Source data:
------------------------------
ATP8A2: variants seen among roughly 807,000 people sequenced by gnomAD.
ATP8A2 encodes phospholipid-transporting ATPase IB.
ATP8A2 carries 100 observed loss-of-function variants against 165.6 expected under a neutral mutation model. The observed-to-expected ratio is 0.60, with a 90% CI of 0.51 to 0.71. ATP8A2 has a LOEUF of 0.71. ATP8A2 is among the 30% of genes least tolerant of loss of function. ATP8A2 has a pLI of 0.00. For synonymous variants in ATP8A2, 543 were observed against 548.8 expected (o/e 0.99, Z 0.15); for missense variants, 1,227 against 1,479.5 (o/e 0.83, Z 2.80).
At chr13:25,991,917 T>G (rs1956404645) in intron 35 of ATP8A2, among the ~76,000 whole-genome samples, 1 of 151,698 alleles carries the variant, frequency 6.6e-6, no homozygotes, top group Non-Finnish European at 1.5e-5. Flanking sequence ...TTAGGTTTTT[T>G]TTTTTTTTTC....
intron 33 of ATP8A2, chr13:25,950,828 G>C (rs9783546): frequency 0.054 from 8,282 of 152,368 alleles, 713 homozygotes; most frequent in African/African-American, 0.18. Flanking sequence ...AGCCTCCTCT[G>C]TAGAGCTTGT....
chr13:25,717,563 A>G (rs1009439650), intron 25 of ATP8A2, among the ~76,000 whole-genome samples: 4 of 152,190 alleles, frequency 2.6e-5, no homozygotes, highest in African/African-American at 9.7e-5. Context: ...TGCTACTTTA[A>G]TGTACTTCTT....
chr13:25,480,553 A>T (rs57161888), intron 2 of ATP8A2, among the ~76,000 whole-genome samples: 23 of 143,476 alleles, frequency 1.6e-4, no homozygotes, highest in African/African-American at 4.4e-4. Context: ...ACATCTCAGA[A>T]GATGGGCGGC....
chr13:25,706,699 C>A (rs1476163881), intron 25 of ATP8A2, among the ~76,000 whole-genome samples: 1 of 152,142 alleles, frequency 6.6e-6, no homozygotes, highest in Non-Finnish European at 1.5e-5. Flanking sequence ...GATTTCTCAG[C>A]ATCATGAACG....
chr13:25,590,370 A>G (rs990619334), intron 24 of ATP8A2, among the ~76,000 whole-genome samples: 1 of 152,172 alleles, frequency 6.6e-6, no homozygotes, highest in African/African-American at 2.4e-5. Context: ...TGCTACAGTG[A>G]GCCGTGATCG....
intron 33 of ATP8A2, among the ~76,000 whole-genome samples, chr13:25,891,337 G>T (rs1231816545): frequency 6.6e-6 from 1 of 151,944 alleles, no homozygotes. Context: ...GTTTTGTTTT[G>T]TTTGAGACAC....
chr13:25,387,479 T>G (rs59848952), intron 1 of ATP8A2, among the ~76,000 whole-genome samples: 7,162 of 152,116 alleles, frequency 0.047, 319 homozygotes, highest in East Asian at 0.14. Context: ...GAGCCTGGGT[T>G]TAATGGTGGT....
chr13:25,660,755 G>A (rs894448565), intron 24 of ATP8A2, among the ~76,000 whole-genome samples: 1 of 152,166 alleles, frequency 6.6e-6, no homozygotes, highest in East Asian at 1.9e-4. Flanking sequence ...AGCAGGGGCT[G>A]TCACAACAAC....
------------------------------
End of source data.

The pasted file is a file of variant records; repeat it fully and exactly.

ATP8A2: variants seen among roughly 807,000 people sequenced by gnomAD.
ATP8A2 encodes phospholipid-transporting ATPase IB.
ATP8A2 carries 100 observed loss-of-function variants against 165.6 expected under a neutral mutation model. The observed-to-expected ratio is 0.60, with a 90% CI of 0.51 to 0.71. ATP8A2 has a LOEUF of 0.71. ATP8A2 is among the 30% of genes least tolerant of loss of function. ATP8A2 has a pLI of 0.00. For synonymous variants in ATP8A2, 543 were observed against 548.8 expected (o/e 0.99, Z 0.15); for missense variants, 1,227 against 1,479.5 (o/e 0.83, Z 2.80).
At chr13:25,991,917 T>G (rs1956404645) in intron 35 of ATP8A2, among the ~76,000 whole-genome samples, 1 of 151,698 alleles carries the variant, frequency 6.6e-6, no homozygotes, top group Non-Finnish European at 1.5e-5. Flanking sequence ...TTAGGTTTTT[T>G]TTTTTTTTTC....
intron 33 of ATP8A2, chr13:25,950,828 G>C (rs9783546): frequency 0.054 from 8,282 of 152,368 alleles, 713 homozygotes; most frequent in African/African-American, 0.18. Flanking sequence ...AGCCTCCTCT[G>C]TAGAGCTTGT....
chr13:25,717,563 A>G (rs1009439650), intron 25 of ATP8A2, among the ~76,000 whole-genome samples: 4 of 152,190 alleles, frequency 2.6e-5, no homozygotes, highest in African/African-American at 9.7e-5. Context: ...TGCTACTTTA[A>G]TGTACTTCTT....
chr13:25,480,553 A>T (rs57161888), intron 2 of ATP8A2, among the ~76,000 whole-genome samples: 23 of 143,476 alleles, frequency 1.6e-4, no homozygotes, highest in African/African-American at 4.4e-4. Context: ...ACATCTCAGA[A>T]GATGGGCGGC....
chr13:25,706,699 C>A (rs1476163881), intron 25 of ATP8A2, among the ~76,000 whole-genome samples: 1 of 152,142 alleles, frequency 6.6e-6, no homozygotes, highest in Non-Finnish European at 1.5e-5. Flanking sequence ...GATTTCTCAG[C>A]ATCATGAACG....
chr13:25,590,370 A>G (rs990619334), intron 24 of ATP8A2, among the ~76,000 whole-genome samples: 1 of 152,172 alleles, frequency 6.6e-6, no homozygotes, highest in African/African-American at 2.4e-5. Context: ...TGCTACAGTG[A>G]GCCGTGATCG....
intron 33 of ATP8A2, among the ~76,000 whole-genome samples, chr13:25,891,337 G>T (rs1231816545): frequency 6.6e-6 from 1 of 151,944 alleles, no homozygotes. Context: ...GTTTTGTTTT[G>T]TTTGAGACAC....
chr13:25,387,479 T>G (rs59848952), intron 1 of ATP8A2, among the ~76,000 whole-genome samples: 7,162 of 152,116 alleles, frequency 0.047, 319 homozygotes, highest in East Asian at 0.14. Context: ...GAGCCTGGGT[T>G]TAATGGTGGT....
chr13:25,660,755 G>A (rs894448565), intron 24 of ATP8A2, among the ~76,000 whole-genome samples: 1 of 152,166 alleles, frequency 6.6e-6, no homozygotes, highest in East Asian at 1.9e-4. Flanking sequence ...AGCAGGGGCT[G>A]TCACAACAAC....